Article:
Though it hasn't even launched yet, a new app called Peeple has everyone talking -- but what they're saying about it isn't so great. The app, which has been described as "Yelp for people," allows you to rate virtually anyone, using a 1 to 5 star rating system.
According to the Washington Post, in order to rate someone, a person has to be 21, have a valid Facebook and use their real name in the review. "You must also affirm that you 'know' the person in one of three categories: personal, professional or romantic," the paper noted. Per the Post:
Positive ratings post immediately; negative ratings are queued in a private inbox for 48 hours in case of disputes. If you haven’t registered for the site, and thus can’t contest those negative ratings, your profile only shows positive reviews.
Much of the app's controversy centers around consent -- anyone can make an account for anyone, whether that person authorizes it or not. "To add someone to the database who has not been reviewed before, you must have that person’s cell phone number," the Post reported.
The process for deleting a Peeple profile has also raised concerns. Once you've been added to Peeple's system (by yourself or another person), there's not a clear way to get out of it. Users can only report views they deem "inaccurate."
The app's founders maintain that Peeple isn't meant to be used as a tool for harassment. Co-founder Nicole McCullough said that her experience as a mother inspired her to make the app -- that she wanted a way to learn more about people who would potentially babysit her kids.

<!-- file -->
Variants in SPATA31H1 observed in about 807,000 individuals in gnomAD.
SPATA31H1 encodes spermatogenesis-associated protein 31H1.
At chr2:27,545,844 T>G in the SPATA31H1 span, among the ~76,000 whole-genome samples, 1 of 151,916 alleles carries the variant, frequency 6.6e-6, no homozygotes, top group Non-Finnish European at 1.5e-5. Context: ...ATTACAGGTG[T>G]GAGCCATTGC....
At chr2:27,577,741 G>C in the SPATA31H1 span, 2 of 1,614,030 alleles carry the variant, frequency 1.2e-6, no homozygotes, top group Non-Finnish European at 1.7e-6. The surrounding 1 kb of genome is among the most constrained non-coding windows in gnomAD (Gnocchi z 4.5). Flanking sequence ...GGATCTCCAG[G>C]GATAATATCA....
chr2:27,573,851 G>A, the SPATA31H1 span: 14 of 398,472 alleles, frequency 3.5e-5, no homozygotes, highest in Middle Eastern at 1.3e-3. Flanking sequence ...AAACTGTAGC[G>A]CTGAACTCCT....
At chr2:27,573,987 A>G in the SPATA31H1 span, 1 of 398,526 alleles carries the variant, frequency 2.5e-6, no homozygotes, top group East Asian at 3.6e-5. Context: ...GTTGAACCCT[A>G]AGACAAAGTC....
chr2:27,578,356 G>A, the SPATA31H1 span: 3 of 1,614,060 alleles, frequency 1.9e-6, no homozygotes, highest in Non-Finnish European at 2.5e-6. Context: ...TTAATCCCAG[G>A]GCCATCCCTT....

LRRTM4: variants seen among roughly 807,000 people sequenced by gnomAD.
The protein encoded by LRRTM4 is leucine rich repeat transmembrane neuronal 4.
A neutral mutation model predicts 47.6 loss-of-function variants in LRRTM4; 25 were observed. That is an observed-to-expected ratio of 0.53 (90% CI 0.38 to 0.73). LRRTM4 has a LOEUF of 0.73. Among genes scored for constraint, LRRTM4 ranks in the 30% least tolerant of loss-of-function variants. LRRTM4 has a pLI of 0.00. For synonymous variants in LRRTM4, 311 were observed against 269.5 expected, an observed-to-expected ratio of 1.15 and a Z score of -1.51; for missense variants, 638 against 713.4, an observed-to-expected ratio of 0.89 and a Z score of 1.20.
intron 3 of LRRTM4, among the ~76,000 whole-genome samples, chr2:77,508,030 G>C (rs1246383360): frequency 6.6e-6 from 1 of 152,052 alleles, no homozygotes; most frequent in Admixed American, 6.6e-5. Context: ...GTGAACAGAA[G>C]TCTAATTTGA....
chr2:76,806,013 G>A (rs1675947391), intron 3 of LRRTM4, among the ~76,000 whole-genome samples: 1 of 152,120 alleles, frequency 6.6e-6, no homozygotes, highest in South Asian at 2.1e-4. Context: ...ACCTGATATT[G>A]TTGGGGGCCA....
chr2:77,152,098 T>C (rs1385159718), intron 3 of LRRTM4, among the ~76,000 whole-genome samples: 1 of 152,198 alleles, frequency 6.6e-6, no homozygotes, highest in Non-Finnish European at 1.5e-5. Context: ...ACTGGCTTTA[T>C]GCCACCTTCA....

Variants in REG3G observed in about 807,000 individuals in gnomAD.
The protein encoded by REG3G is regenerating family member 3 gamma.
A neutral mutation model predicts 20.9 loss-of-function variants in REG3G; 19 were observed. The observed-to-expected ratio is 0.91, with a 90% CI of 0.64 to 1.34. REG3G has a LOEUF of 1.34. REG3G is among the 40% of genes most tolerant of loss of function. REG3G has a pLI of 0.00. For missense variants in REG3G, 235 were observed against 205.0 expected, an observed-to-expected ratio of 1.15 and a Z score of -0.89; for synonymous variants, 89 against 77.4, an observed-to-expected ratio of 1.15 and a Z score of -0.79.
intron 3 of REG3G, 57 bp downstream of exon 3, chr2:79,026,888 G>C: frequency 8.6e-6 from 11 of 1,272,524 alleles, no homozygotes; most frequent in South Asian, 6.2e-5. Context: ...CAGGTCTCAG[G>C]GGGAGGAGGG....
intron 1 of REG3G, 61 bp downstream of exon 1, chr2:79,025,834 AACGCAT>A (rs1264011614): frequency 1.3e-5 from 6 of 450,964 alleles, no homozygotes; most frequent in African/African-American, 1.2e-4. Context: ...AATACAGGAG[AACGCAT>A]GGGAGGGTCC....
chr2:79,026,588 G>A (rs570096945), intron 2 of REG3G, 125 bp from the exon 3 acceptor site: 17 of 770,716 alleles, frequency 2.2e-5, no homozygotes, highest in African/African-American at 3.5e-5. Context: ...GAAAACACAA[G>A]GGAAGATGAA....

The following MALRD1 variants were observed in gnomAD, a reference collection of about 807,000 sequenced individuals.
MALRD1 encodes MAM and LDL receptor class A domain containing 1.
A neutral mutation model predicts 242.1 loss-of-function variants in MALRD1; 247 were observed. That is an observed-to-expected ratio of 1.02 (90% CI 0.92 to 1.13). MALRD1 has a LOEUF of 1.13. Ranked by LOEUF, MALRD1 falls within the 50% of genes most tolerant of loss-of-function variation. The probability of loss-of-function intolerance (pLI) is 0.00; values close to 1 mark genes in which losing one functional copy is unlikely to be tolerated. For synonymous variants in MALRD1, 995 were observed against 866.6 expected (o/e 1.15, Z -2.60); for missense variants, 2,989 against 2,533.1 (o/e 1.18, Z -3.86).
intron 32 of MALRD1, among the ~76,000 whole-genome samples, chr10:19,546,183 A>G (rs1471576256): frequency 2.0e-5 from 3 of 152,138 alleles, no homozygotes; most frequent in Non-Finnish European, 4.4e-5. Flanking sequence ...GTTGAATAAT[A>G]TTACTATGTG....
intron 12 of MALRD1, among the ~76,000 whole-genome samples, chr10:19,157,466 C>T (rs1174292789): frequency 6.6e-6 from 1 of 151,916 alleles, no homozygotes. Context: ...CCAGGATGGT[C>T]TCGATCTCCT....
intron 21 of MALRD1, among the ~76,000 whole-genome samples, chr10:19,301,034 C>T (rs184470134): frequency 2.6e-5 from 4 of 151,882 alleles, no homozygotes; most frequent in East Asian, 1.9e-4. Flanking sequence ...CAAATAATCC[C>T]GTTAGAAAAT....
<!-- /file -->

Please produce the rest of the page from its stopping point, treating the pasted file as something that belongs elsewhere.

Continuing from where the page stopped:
Regardless, Peeple has already been compared to Lulu, an app that allows female users to rate men on their physical, romantic and sexual desirability. “We are so different from Lulu,” Co-founder Julia Cordray told MTV News. "We are not anonymous and Lulu is, men and women can comment on the dating section for our app not just women like in Lulu, we don’t charge men (Lulu does) to see what anonymous women (we are not anonymous and men and women can participate) wrote about them."
"Unlike in Lulu, with us, you have to be single to use the dating side of our app, as we respect your current relationships and have no intention of interrupting them or causing any drama," Cordray said. "We have so many checks and balances and integrity features compared to Lulu that is would be a mistake to even compare us."
Cordray seems optimistic in spite of the app's criticisms. “We have had way more positive feedback than negative at this point," she told MTV News. "We are eager to let our Beta testers tell us what they want to see in this app and make the app a world class user experience. If we need to change the app and the way it functions based on what the users want we would be happy to consider it."